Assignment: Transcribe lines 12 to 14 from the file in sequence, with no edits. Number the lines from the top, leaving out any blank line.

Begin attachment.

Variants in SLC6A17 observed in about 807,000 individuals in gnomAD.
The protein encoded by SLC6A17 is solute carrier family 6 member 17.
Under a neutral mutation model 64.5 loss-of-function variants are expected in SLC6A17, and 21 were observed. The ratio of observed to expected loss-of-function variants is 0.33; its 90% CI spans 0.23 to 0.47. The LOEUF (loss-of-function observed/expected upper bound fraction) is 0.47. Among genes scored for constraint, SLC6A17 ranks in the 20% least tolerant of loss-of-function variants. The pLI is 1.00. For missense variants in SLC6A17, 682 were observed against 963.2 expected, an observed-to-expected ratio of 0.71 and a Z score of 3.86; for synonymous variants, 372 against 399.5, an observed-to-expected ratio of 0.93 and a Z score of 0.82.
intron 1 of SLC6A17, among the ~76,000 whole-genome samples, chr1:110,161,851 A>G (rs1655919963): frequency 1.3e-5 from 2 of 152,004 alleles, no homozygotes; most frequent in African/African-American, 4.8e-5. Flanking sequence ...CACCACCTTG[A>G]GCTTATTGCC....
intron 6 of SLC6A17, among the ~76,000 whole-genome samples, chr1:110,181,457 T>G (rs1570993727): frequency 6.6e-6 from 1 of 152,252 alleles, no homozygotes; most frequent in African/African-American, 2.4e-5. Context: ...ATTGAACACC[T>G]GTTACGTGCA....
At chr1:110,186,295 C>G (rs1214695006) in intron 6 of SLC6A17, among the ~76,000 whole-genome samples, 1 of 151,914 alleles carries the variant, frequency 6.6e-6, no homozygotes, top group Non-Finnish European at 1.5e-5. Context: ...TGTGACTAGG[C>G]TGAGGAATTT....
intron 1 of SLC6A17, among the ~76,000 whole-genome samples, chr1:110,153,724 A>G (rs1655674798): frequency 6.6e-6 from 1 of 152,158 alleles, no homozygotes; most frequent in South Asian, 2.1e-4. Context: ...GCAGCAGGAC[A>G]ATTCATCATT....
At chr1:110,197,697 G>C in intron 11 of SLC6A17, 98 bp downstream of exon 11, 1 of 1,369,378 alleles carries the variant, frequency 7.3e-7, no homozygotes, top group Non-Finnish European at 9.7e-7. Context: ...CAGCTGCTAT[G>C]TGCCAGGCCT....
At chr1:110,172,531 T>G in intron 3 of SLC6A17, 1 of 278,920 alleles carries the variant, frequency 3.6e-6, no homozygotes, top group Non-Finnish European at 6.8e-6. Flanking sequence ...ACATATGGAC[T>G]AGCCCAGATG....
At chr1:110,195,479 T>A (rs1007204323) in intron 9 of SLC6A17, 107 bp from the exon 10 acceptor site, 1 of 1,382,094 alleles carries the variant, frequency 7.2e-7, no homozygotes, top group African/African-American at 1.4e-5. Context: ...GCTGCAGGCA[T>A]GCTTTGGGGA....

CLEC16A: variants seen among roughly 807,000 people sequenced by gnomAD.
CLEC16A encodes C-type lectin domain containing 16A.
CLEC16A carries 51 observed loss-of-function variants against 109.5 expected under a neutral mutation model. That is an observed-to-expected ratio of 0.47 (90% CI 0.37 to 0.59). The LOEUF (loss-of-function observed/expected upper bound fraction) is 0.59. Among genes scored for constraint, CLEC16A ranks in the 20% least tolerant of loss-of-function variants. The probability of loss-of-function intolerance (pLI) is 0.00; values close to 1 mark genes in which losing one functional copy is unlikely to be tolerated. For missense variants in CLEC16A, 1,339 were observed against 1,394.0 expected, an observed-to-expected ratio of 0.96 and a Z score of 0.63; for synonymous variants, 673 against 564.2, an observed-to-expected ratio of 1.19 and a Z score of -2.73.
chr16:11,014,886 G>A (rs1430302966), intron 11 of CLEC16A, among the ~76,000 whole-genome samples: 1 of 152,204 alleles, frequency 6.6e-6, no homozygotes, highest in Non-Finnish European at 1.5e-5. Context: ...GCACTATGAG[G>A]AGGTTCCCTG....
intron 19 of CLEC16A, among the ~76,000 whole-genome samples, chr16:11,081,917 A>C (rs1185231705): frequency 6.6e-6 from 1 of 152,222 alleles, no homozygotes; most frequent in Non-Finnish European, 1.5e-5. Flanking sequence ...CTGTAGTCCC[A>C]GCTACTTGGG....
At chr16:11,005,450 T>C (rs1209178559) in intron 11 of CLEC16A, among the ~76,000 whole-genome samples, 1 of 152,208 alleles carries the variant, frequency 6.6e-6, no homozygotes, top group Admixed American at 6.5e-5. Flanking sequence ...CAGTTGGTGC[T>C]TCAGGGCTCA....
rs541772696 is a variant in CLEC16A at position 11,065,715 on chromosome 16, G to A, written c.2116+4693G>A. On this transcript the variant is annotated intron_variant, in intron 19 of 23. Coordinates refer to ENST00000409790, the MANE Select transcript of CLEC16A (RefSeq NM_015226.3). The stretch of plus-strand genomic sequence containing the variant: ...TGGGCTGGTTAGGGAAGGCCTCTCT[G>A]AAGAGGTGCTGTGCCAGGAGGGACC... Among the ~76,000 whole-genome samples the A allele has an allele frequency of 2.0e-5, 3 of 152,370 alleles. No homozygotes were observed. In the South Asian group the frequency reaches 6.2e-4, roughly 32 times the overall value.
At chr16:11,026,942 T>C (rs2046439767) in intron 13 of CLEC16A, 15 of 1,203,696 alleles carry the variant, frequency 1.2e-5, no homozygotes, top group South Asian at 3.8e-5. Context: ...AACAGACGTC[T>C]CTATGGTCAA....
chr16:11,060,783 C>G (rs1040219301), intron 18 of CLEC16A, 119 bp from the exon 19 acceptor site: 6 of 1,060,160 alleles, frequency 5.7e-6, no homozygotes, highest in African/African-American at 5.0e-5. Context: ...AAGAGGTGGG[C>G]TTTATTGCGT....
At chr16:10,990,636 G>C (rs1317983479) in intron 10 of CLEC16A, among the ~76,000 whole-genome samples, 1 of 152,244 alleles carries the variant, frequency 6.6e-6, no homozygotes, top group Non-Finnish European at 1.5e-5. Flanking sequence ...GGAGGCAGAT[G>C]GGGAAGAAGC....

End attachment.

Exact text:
CLEC16A encodes C-type lectin domain containing 16A.
CLEC16A carries 51 observed loss-of-function variants against 109.5 expected under a neutral mutation model. That is an observed-to-expected ratio of 0.47 (90% CI 0.37 to 0.59). The LOEUF (loss-of-function observed/expected upper bound fraction) is 0.59. Among genes scored for constraint, CLEC16A ranks in the 20% least tolerant of loss-of-function variants. The probability of loss-of-function intolerance (pLI) is 0.00; values close to 1 mark genes in which losing one functional copy is unlikely to be tolerated. For missense variants in CLEC16A, 1,339 were observed against 1,394.0 expected, an observed-to-expected ratio of 0.96 and a Z score of 0.63; for synonymous variants, 673 against 564.2, an observed-to-expected ratio of 1.19 and a Z score of -2.73.
chr16:11,014,886 G>A (rs1430302966), intron 11 of CLEC16A, among the ~76,000 whole-genome samples: 1 of 152,204 alleles, frequency 6.6e-6, no homozygotes, highest in Non-Finnish European at 1.5e-5. Context: ...GCACTATGAG[G>A]AGGTTCCCTG....